It’s no secret Nikon and Canon dominate the market for D-SLRs leaving Sony, Pentax and Olympus to pick up the crumbs. That said, D-SLRs from these companies are far from crummy—in fact they can be pretty good as we reported over a year ago with the Sony alpha. Many people opt for Canon and Nikon because they have older 35mm lenses from those systems and want to use that glass in the digital era. However, if you never bought a lens in your life it’s worth looking beyond the Big Two just as we’ve done in the past. Olympus recently introduced a pair of 10-megapixel D-SLRs using the Four Thirds Standard mounting system (the Evolt E-410 and E-510). Claimed to be digital from the ground up, there are plenty of Olympus Zuiko lenses to choose from (17 to be exact) ranging from fish-eyes up to a 300mm f2.8 super telephoto. Since the Four Thirds Standard has a digital factor of 2x, lenses are actually double the stated focal length (600mm in the case of the 300mm f2.8) giving you a very nice range of glass. Granted it’s nothing near the options of Canon and Nikon but for those dipping into the D-SLR waters there’s enough to keep you happy—and broke. Olympus models also have a feature called “Live View” that lets you frame your shots on the 2.5-inch LCD screen, not just the viewfinder, something very few D-SLRs offer. The Canon EOS 1D Mark III does but it costs over $4,000 USD and so does the new EOS 40D ($1,299 USD body only). We were sent the $999 USD Evolt E-510 two lens kit and proceeded to give the camera a workout…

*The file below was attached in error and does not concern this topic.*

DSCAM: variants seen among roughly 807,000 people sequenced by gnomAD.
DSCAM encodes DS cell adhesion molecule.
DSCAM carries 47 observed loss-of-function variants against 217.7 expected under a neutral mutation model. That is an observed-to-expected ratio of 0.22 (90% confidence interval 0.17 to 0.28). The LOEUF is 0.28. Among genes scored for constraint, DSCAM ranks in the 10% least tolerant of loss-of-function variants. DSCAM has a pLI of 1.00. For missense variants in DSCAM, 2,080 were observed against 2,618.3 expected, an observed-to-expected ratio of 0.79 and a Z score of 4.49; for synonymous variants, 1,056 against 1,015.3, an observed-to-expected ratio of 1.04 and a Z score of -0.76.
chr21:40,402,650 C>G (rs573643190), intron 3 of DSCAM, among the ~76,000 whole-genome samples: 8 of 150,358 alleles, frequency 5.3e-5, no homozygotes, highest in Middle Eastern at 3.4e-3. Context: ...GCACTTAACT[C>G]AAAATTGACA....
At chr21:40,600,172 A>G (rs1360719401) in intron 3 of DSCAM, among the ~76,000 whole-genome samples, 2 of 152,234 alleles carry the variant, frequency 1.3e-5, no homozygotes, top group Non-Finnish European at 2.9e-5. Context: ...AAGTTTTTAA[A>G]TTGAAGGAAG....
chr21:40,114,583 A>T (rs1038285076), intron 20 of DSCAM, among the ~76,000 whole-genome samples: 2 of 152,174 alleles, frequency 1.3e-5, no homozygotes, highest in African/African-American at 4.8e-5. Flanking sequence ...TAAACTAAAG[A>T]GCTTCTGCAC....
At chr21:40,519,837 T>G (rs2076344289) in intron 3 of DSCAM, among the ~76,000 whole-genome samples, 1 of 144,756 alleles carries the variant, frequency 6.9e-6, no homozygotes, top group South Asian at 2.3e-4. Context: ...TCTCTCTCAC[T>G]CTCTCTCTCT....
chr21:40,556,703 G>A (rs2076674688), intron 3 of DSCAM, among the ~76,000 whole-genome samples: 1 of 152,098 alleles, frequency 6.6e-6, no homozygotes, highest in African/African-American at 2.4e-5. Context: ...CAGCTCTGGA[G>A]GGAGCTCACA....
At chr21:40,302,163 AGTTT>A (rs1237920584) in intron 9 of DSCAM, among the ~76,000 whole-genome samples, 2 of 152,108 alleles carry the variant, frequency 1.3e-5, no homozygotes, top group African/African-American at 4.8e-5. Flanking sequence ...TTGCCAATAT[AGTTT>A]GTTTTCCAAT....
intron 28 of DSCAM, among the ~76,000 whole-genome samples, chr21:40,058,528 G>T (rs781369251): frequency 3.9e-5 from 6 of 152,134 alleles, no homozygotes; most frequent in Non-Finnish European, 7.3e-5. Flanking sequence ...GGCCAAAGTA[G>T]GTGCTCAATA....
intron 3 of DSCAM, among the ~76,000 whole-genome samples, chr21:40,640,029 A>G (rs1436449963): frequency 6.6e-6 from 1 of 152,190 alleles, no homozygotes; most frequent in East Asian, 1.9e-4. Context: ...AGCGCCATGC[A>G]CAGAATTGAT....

Features and Design